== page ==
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Arkansas soybean disease update: Target spot and frogeye leaf spot
Author: Travis Faske, Extension Plant Pathologist

By Travis Faske, Extension Plant Pathologist

The spectrum of foliar diseases changes each year as environmental conditions change, which has a significant impact on disease development.  The weather pattern in early August was favorable for target spot (TS) and there have been several reports of TS in central and northcentral Arkansas.  Overall, conditions and variety selection have limited the widespread severity of this disease compared to what we observed during the 2016 cropping season.  Looking ahead, the long range temperature forecast is more favorable for frogeye leaf spot (FLS), so late season beans should be monitored over the next few weeks for FLS, TS and other foliar diseases of soybean.

Target spot symptom development begins in the lower canopy with large, circular lesions with concentric rings (Fig. 1).  With the right environmental conditions TS produces smaller lesions in the mid-to-upper canopy (Fig. 1).  These lesions can be confused with frogeye leaf spot (Fig. 2).  Target spot can also cause lesions on the petioles, pods, and stems. Environmental conditions that favor leaf infection are several consecutive days of rain and warm temperatures.

Figure 1.  Mature large target spot lesion from leaflet in lower canopy (left) and smaller lesions on leaflet in mid-canopy (right).

Figure 1. Mature large target spot lesion from leaflet in lower canopy (left) and smaller lesions on leaflet in mid-canopy (right).

Variety selection is the most economical approach to managing TS in soybean. Some of the more susceptible varieties observed in 2016 consisted of Armor 47R13, Asgrow 4632, Cradenz CZ 5150, Stine 47LF32 and Dyna Grow 48RS53, which may or may have not been available this season.  Target spot has been reported this season on Asgrow 47X6, P48T67, Stine 47LF32, and CZ 4748.  Fungicides are another tool to manage this disease, but like sheath blight in rice, timing is an important factor.  Given that this disease begins in the lower canopy and moves up on susceptible varieties and that fungicides do not move down into the lower canopy, fungicide timing is important. When fungicides are applied after canopy closure, the majority of the leaf protection will occur in the upper 1/3 of the plant canopy.  So, unless the disease is beginning to move up the canopy, a foliar application will do very little to protect the mid canopy.  Based on university lab trials, fluxapyroxad (SDHI in Priaxor) was among the most effective at suppressing fungal development.  Strobilurin were among the least effective in some isolates due to fungicide resistance. Several research trials supported by the Arkansas Soybean Promotion Board have been set up this year to determine the best timing for fungicide and variety susceptibility, which will be discussed at winter production meetings.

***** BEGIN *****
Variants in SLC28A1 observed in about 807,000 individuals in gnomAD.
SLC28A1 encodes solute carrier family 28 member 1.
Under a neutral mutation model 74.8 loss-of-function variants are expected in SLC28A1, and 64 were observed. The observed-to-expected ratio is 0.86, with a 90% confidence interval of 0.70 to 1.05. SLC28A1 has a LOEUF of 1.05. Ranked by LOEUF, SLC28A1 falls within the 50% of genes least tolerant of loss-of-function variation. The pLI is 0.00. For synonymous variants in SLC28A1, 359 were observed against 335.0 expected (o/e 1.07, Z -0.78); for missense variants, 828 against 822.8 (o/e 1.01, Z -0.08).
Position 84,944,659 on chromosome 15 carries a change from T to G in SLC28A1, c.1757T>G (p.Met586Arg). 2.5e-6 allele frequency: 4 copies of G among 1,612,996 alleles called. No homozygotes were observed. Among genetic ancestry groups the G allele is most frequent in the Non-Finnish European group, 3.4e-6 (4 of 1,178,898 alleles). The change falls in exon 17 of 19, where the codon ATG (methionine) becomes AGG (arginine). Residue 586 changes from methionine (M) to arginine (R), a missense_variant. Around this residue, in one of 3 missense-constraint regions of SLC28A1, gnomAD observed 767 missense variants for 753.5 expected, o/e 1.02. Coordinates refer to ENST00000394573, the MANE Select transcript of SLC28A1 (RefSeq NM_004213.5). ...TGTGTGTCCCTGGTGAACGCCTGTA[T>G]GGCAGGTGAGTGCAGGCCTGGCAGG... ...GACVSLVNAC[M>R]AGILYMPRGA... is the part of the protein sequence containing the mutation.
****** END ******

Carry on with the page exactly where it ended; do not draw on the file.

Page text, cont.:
Frogeye leaf spot (Fig. 2) is one of the more common foliar diseases in the state and relatively easy to recognize.  Leaf spots (smaller lesions with dark brown to maroon margins) often develop in the upper canopy as emerging leaves are more susceptible than expanded soybean leaves.  Environmental conditions that favor FLS development consist of more moderate temperatures (77 to 86ºF) and frequent, prolonged dew periods or light rain with symptoms showing up 7 to 10 days after infection.  During the onset of disease symptoms is a good time to review variety susceptibility to FLS and determine if a fungicide will protect yield potential.    Some 75% of the varieties screened in 2016 had at least a moderate level of FLS resistance, which is the most economical way to manage FLS.  This information can be found on the Arkansas Variety Testing website.  Based on university trials, good yield protection was observed when a fungicide was used on FLS susceptible varieties WHEN conditions favored disease and FLS was observed in the field (at least 9 spots were observed on a tri-foliate leaf at relatively frequent stops in the field).  Alternately, yield protection was significantly lower when fungicides were applied on moderately resistant varieties compared to FLS susceptible varieties WHEN conditions favored disease and FLS was observed in the field.  Several fungicides are available that have good efficacy on FLS in Arkansas and optimum timing can prevent the need and expense of a second fungicide application.  Fungicides registered for use in Arkansas and efficacy on FLS can be found in the Arkansas Plant Disease Control Products Guide (MP 154).

Figure 2.  Frogeye leaf spot of soybean

Figure 2. Frogeye leaf spot of soybean


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